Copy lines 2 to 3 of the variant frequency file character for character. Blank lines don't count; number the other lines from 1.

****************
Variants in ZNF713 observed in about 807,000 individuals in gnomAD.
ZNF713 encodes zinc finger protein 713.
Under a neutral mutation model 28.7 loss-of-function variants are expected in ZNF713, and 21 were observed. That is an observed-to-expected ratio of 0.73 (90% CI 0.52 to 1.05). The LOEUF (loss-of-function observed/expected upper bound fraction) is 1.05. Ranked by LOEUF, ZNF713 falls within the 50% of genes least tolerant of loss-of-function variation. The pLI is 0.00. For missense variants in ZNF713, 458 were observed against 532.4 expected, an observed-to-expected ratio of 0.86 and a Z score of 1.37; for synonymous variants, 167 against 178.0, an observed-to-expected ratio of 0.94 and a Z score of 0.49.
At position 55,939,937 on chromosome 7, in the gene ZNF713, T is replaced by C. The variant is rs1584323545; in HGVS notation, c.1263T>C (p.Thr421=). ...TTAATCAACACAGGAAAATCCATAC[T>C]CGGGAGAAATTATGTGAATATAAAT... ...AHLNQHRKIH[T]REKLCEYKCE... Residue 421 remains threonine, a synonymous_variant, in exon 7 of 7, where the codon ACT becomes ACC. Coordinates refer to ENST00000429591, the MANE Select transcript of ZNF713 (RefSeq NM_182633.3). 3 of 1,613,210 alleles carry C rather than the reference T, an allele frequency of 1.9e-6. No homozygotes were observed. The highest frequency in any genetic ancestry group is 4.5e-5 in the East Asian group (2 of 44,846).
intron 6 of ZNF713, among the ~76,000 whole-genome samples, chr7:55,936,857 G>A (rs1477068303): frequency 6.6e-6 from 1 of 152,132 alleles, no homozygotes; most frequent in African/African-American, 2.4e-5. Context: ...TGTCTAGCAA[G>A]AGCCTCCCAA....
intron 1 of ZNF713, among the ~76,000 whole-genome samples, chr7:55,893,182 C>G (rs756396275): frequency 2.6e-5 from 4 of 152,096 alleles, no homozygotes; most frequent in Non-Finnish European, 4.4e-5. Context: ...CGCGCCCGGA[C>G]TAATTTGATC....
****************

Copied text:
ZNF713 encodes zinc finger protein 713.
Under a neutral mutation model 28.7 loss-of-function variants are expected in ZNF713, and 21 were observed. That is an observed-to-expected ratio of 0.73 (90% CI 0.52 to 1.05). The LOEUF (loss-of-function observed/expected upper bound fraction) is 1.05. Ranked by LOEUF, ZNF713 falls within the 50% of genes least tolerant of loss-of-function variation. The pLI is 0.00. For missense variants in ZNF713, 458 were observed against 532.4 expected, an observed-to-expected ratio of 0.86 and a Z score of 1.37; for synonymous variants, 167 against 178.0, an observed-to-expected ratio of 0.94 and a Z score of 0.49.